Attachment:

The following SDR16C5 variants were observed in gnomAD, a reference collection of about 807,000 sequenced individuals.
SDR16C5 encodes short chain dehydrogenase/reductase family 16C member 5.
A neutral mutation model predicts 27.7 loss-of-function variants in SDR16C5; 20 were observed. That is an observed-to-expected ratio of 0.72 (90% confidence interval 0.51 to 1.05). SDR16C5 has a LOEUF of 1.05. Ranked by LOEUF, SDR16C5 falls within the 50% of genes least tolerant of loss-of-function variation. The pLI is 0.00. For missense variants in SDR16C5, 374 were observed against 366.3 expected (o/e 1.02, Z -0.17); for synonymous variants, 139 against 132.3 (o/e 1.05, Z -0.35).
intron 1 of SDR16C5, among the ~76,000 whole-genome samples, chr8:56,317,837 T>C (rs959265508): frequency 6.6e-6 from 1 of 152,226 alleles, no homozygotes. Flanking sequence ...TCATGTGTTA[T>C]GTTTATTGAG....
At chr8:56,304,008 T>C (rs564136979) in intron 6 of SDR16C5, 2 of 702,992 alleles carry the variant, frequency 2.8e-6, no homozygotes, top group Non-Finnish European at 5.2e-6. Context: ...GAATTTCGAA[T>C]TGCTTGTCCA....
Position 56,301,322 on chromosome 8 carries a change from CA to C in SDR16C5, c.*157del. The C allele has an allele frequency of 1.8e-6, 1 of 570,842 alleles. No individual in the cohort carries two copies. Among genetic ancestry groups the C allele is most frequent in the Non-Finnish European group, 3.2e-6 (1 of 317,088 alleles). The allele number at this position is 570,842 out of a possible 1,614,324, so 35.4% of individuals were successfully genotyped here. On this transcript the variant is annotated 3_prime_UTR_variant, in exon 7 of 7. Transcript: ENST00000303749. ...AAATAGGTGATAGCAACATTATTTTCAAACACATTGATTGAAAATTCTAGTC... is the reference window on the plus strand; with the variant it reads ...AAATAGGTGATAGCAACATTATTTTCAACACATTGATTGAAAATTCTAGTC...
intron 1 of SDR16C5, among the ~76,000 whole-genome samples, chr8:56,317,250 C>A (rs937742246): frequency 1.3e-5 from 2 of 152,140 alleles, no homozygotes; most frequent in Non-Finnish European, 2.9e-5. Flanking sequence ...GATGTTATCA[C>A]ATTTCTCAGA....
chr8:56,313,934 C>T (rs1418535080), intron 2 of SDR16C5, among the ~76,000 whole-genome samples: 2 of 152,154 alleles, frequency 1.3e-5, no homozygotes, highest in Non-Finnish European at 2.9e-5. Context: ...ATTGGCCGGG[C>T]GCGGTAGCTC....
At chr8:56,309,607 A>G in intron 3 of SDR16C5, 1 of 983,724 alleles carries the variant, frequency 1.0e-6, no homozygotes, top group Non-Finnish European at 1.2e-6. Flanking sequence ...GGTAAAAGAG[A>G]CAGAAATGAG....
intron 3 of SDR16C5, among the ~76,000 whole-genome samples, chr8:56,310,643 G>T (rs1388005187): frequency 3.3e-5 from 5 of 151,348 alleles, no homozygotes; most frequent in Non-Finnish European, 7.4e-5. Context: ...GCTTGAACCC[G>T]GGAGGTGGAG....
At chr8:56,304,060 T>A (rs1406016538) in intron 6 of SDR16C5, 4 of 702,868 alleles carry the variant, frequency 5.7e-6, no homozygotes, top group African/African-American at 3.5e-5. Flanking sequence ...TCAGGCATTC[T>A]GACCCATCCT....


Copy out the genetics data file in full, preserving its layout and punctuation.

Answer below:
The following SDR16C5 variants were observed in gnomAD, a reference collection of about 807,000 sequenced individuals.
SDR16C5 encodes short chain dehydrogenase/reductase family 16C member 5.
A neutral mutation model predicts 27.7 loss-of-function variants in SDR16C5; 20 were observed. That is an observed-to-expected ratio of 0.72 (90% confidence interval 0.51 to 1.05). SDR16C5 has a LOEUF of 1.05. Ranked by LOEUF, SDR16C5 falls within the 50% of genes least tolerant of loss-of-function variation. The pLI is 0.00. For missense variants in SDR16C5, 374 were observed against 366.3 expected (o/e 1.02, Z -0.17); for synonymous variants, 139 against 132.3 (o/e 1.05, Z -0.35).
intron 1 of SDR16C5, among the ~76,000 whole-genome samples, chr8:56,317,837 T>C (rs959265508): frequency 6.6e-6 from 1 of 152,226 alleles, no homozygotes. Flanking sequence ...TCATGTGTTA[T>C]GTTTATTGAG....
At chr8:56,304,008 T>C (rs564136979) in intron 6 of SDR16C5, 2 of 702,992 alleles carry the variant, frequency 2.8e-6, no homozygotes, top group Non-Finnish European at 5.2e-6. Context: ...GAATTTCGAA[T>C]TGCTTGTCCA....
Position 56,301,322 on chromosome 8 carries a change from CA to C in SDR16C5, c.*157del. The C allele has an allele frequency of 1.8e-6, 1 of 570,842 alleles. No individual in the cohort carries two copies. Among genetic ancestry groups the C allele is most frequent in the Non-Finnish European group, 3.2e-6 (1 of 317,088 alleles). The allele number at this position is 570,842 out of a possible 1,614,324, so 35.4% of individuals were successfully genotyped here. On this transcript the variant is annotated 3_prime_UTR_variant, in exon 7 of 7. Transcript: ENST00000303749. ...AAATAGGTGATAGCAACATTATTTTCAAACACATTGATTGAAAATTCTAGTC... is the reference window on the plus strand; with the variant it reads ...AAATAGGTGATAGCAACATTATTTTCAACACATTGATTGAAAATTCTAGTC...
intron 1 of SDR16C5, among the ~76,000 whole-genome samples, chr8:56,317,250 C>A (rs937742246): frequency 1.3e-5 from 2 of 152,140 alleles, no homozygotes; most frequent in Non-Finnish European, 2.9e-5. Flanking sequence ...GATGTTATCA[C>A]ATTTCTCAGA....
chr8:56,313,934 C>T (rs1418535080), intron 2 of SDR16C5, among the ~76,000 whole-genome samples: 2 of 152,154 alleles, frequency 1.3e-5, no homozygotes, highest in Non-Finnish European at 2.9e-5. Context: ...ATTGGCCGGG[C>T]GCGGTAGCTC....
At chr8:56,309,607 A>G in intron 3 of SDR16C5, 1 of 983,724 alleles carries the variant, frequency 1.0e-6, no homozygotes, top group Non-Finnish European at 1.2e-6. Flanking sequence ...GGTAAAAGAG[A>G]CAGAAATGAG....
intron 3 of SDR16C5, among the ~76,000 whole-genome samples, chr8:56,310,643 G>T (rs1388005187): frequency 3.3e-5 from 5 of 151,348 alleles, no homozygotes; most frequent in Non-Finnish European, 7.4e-5. Context: ...GCTTGAACCC[G>T]GGAGGTGGAG....
At chr8:56,304,060 T>A (rs1406016538) in intron 6 of SDR16C5, 4 of 702,868 alleles carry the variant, frequency 5.7e-6, no homozygotes, top group African/African-American at 3.5e-5. Flanking sequence ...TCAGGCATTC[T>A]GACCCATCCT....